A History of the County of Stafford: Volume 9, Burton-Upon-Trent. Originally published by Victoria County History, London, 2003.
This free content was digitised by double rekeying. All rights reserved.
Four people in Horninglow were presented in 1668 for not coming to church. (fn. 14) They included 'Lady' Ford, possibly Judith, the wife of Thomas Ford, a Presbyterian who was ejected from Church Gresley (Derb.) in 1672 and who died at Wetmore in 1678 or 1679. (fn. 15) The two houses in Horninglow licensed for protestant worship c. 1690 were probably for Presbyterians. (fn. 16)
The Independent (or Congregational) minister at Burton registered a chapel in Horninglow in 1808, but nothing further is known about it. (fn. 17)
The children of some Horninglow familes were baptized in the Wesleyan Methodist chapel in Burton in 1819, 1828, and 1836. (fn. 18) A chapel was built in Horninglow in 1841 attached to the tollhouse on the main road east of the village. On Census Sunday 1851 it had an afternoon congregation of 50 adults and an evening one of 12 adults, besides Sunday school children. (fn. 19) A new chapel was opened on the same site in 1876 (fn. 20) and a schoolroom on the opposite side of the road in 1888. (fn. 21) In 1905 the chapel was replaced by one in front of the Sunday school, built of red brick with orange stone dressings in an 'Anglican style'. (fn. 22) That chapel was demolished c. 1985, (fn. 23) but the disused schoolroom remained standing in 1999.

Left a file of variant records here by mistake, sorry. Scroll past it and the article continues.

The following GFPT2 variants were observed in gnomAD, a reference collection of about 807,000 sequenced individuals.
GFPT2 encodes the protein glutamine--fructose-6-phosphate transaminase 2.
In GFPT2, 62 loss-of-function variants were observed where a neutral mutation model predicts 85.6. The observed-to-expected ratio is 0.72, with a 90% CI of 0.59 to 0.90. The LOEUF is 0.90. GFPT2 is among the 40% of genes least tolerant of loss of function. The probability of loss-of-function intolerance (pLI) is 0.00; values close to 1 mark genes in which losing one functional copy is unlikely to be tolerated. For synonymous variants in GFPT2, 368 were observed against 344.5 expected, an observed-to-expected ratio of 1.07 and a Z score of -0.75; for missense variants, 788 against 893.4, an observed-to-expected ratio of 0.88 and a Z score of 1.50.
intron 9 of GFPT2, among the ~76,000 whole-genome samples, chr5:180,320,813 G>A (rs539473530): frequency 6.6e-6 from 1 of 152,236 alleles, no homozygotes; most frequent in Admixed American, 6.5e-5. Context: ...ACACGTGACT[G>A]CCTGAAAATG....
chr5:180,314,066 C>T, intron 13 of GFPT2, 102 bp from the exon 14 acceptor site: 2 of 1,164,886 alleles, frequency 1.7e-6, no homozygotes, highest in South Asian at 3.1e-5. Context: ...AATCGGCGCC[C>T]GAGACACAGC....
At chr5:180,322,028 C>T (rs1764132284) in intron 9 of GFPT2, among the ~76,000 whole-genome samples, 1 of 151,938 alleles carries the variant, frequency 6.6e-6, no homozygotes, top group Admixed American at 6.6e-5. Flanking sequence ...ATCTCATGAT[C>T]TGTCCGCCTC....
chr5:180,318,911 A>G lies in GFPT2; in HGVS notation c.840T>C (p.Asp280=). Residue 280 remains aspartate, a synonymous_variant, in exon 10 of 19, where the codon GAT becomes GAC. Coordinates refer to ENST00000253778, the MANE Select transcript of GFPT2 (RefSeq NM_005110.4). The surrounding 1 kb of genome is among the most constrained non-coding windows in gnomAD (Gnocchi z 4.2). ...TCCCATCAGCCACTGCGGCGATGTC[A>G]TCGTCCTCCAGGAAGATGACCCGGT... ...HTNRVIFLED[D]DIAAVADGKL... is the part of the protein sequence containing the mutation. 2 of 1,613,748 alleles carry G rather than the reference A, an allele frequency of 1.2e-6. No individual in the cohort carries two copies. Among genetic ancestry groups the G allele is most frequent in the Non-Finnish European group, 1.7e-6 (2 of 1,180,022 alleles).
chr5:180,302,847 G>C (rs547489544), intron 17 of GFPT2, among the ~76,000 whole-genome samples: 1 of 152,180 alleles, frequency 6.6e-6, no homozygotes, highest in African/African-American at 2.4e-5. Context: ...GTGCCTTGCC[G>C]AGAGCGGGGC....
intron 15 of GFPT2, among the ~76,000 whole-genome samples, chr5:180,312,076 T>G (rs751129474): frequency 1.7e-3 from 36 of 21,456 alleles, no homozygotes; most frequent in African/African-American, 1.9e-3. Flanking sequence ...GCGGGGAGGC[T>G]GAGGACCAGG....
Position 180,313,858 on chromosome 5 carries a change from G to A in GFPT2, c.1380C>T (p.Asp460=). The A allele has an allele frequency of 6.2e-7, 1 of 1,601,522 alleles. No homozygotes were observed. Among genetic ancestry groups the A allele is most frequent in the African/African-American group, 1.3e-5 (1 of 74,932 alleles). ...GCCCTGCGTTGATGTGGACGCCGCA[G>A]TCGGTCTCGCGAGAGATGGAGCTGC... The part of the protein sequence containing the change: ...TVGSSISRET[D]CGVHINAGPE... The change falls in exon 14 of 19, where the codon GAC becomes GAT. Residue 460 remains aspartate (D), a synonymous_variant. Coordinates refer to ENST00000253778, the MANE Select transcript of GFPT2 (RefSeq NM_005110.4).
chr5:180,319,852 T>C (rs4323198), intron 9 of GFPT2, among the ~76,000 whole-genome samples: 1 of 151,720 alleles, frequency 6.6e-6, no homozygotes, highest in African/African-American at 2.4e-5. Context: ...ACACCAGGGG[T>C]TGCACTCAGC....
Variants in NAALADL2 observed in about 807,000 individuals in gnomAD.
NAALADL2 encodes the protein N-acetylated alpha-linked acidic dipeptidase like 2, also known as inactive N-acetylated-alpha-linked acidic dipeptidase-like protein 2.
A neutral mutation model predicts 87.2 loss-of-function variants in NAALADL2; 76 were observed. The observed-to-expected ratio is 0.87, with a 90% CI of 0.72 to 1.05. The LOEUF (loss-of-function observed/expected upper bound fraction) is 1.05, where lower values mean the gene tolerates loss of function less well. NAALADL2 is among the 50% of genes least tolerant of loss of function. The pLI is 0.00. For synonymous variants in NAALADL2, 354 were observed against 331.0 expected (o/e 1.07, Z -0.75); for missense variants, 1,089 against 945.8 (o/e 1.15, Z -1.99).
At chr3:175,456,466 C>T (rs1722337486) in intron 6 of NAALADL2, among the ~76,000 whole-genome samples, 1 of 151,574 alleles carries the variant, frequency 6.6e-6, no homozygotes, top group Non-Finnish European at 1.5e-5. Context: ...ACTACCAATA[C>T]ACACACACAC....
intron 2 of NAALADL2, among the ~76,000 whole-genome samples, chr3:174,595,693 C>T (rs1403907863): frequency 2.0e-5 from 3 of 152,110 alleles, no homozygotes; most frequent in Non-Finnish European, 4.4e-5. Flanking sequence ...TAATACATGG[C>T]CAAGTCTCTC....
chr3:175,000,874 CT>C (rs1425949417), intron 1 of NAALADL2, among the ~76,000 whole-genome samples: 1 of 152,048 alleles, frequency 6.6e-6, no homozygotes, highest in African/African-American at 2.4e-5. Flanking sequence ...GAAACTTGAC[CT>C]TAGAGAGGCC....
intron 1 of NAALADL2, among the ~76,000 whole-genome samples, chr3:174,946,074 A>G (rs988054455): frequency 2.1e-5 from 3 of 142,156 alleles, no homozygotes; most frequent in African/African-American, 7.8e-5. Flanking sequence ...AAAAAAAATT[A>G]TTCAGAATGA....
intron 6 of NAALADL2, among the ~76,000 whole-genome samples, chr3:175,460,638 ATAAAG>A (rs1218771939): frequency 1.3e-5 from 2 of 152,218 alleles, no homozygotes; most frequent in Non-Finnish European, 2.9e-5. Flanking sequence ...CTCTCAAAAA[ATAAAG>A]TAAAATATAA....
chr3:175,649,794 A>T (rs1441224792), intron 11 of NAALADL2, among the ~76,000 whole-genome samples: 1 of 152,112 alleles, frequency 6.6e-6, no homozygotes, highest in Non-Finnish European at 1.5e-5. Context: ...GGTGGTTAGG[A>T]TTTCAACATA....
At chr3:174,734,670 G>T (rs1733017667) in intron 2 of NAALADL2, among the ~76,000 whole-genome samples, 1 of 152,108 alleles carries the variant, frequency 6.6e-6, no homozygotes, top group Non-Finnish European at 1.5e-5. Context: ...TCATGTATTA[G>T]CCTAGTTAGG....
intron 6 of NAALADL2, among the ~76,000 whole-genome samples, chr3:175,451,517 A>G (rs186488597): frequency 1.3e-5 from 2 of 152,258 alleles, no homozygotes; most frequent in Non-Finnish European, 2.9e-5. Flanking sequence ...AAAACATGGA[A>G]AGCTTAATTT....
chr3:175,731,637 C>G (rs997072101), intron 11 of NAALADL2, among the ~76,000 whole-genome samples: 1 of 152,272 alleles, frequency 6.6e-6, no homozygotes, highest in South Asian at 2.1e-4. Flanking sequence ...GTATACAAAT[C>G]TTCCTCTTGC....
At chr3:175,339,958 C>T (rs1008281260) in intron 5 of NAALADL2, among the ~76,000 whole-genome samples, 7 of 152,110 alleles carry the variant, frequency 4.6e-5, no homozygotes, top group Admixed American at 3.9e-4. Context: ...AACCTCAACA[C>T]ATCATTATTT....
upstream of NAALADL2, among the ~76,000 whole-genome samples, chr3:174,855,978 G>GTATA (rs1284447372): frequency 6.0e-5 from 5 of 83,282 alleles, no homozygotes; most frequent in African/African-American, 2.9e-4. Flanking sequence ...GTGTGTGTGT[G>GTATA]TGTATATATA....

A Wesleyan Methodist mission room in Sydney Street, registered in 1881, was replaced by a chapel in 1897. (fn. 1) Since 1972 that building has been used by Pentecostalists, as the New Testament Church of God. (fn. 2)
There was a Primitive Methodist society at Outwoods by 1828, and a chapel was opened at the west end of Beamhill Road in 1861. (fn. 3) Services ceased in 1971, and the chapel was later demolished. (fn. 4) A Primitive Methodist chapel was opened in Forest Road in 1886. Closed in 1996, it was converted into a house in 1998. (fn. 5) Also in 1886 Primitive Methodists registered a chapel in Wetmore Road. (fn. 6) Services ceased in 1961, and from 1976 the building was used by Jehovah's Witnesses until 1986, when Anglican services were introduced from St. Modwen's in Burton. (fn. 7)
A United Free Methodist mission chapel was opened in Carlton Street in 1898 for seceders from the Wesleyan chapel in Horninglow village. The building became a school room in 1906, when a new chapel adjoining it was opened. (fn. 8) Services ceased in 1966, and the congregation moved to St. Thomas's church in Belvedere Road. The former chapel became a Methodist youth centre and later a doctors' surgery, still its use in 1999. (fn. 9)
A Primitive Methodist chapel was opened at the corner of Belvedere Road and Mona Road in 1907. Of brick with bright red stone dressings, it has a side tower with a spire. It became the present St. Thomas's Methodist church in 1966, after the congregation was joined by those from Methodist churches in Carlton Street and in Victoria Street, in Burton. A church hall was built at the back in 1958 and extended in 1993. (fn. 10)
The registration in 1883 of a meeting room in Shobnall Road by Latter Day Saints (Mormons) was cancelled in 1895. (fn. 11)
Christian Bethren registered a room in Wyggeston Street in 1938, having previously met in Dallow Street, in Burton. They still met in Wyggeston Street in 1960, but the registration was cancelled in 1964. (fn. 12)
Jehovah's Witnesses moved their Kingdom Hall from Station Street in Burton to a site in Horninglow Road North in 1944. They returned to Burton in 1952, moving in 1976 to the disused Methodist chapel in Wetmore Road. They opened their present hall in Dover Road, in Horninglow village, in 1986. (fn. 13)
Spiritualists who had previously met in Burton registered the former National school in Horninglow Road North as a church in 1976, and they still met there in 1999. (fn. 14a)